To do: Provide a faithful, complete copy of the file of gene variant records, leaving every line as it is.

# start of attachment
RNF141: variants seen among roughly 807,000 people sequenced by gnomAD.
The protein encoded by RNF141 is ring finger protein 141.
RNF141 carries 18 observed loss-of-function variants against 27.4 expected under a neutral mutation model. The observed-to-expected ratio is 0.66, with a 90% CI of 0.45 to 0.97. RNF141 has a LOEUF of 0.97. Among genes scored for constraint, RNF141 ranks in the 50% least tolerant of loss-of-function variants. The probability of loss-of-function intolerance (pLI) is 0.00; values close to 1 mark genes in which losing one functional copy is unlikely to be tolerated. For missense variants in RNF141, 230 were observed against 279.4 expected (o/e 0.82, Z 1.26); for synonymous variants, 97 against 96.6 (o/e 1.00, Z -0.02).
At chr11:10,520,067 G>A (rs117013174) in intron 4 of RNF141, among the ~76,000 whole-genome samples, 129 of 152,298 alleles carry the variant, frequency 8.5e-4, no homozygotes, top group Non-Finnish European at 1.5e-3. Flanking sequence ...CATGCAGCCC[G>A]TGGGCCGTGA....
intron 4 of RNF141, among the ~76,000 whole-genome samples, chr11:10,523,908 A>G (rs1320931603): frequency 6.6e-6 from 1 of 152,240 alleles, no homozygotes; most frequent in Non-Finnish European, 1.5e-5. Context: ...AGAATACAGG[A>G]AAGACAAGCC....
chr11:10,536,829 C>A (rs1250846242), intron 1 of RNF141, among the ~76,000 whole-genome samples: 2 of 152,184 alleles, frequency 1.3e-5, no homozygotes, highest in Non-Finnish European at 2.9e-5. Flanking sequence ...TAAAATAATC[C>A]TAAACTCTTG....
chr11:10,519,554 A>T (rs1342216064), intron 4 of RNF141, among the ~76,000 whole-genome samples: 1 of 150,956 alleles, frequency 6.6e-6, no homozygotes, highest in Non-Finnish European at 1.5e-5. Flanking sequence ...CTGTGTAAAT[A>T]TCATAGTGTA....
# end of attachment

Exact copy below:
RNF141: variants seen among roughly 807,000 people sequenced by gnomAD.
The protein encoded by RNF141 is ring finger protein 141.
RNF141 carries 18 observed loss-of-function variants against 27.4 expected under a neutral mutation model. The observed-to-expected ratio is 0.66, with a 90% CI of 0.45 to 0.97. RNF141 has a LOEUF of 0.97. Among genes scored for constraint, RNF141 ranks in the 50% least tolerant of loss-of-function variants. The probability of loss-of-function intolerance (pLI) is 0.00; values close to 1 mark genes in which losing one functional copy is unlikely to be tolerated. For missense variants in RNF141, 230 were observed against 279.4 expected (o/e 0.82, Z 1.26); for synonymous variants, 97 against 96.6 (o/e 1.00, Z -0.02).
At chr11:10,520,067 G>A (rs117013174) in intron 4 of RNF141, among the ~76,000 whole-genome samples, 129 of 152,298 alleles carry the variant, frequency 8.5e-4, no homozygotes, top group Non-Finnish European at 1.5e-3. Flanking sequence ...CATGCAGCCC[G>A]TGGGCCGTGA....
intron 4 of RNF141, among the ~76,000 whole-genome samples, chr11:10,523,908 A>G (rs1320931603): frequency 6.6e-6 from 1 of 152,240 alleles, no homozygotes; most frequent in Non-Finnish European, 1.5e-5. Context: ...AGAATACAGG[A>G]AAGACAAGCC....
chr11:10,536,829 C>A (rs1250846242), intron 1 of RNF141, among the ~76,000 whole-genome samples: 2 of 152,184 alleles, frequency 1.3e-5, no homozygotes, highest in Non-Finnish European at 2.9e-5. Flanking sequence ...TAAAATAATC[C>A]TAAACTCTTG....
chr11:10,519,554 A>T (rs1342216064), intron 4 of RNF141, among the ~76,000 whole-genome samples: 1 of 150,956 alleles, frequency 6.6e-6, no homozygotes, highest in Non-Finnish European at 1.5e-5. Flanking sequence ...CTGTGTAAAT[A>T]TCATAGTGTA....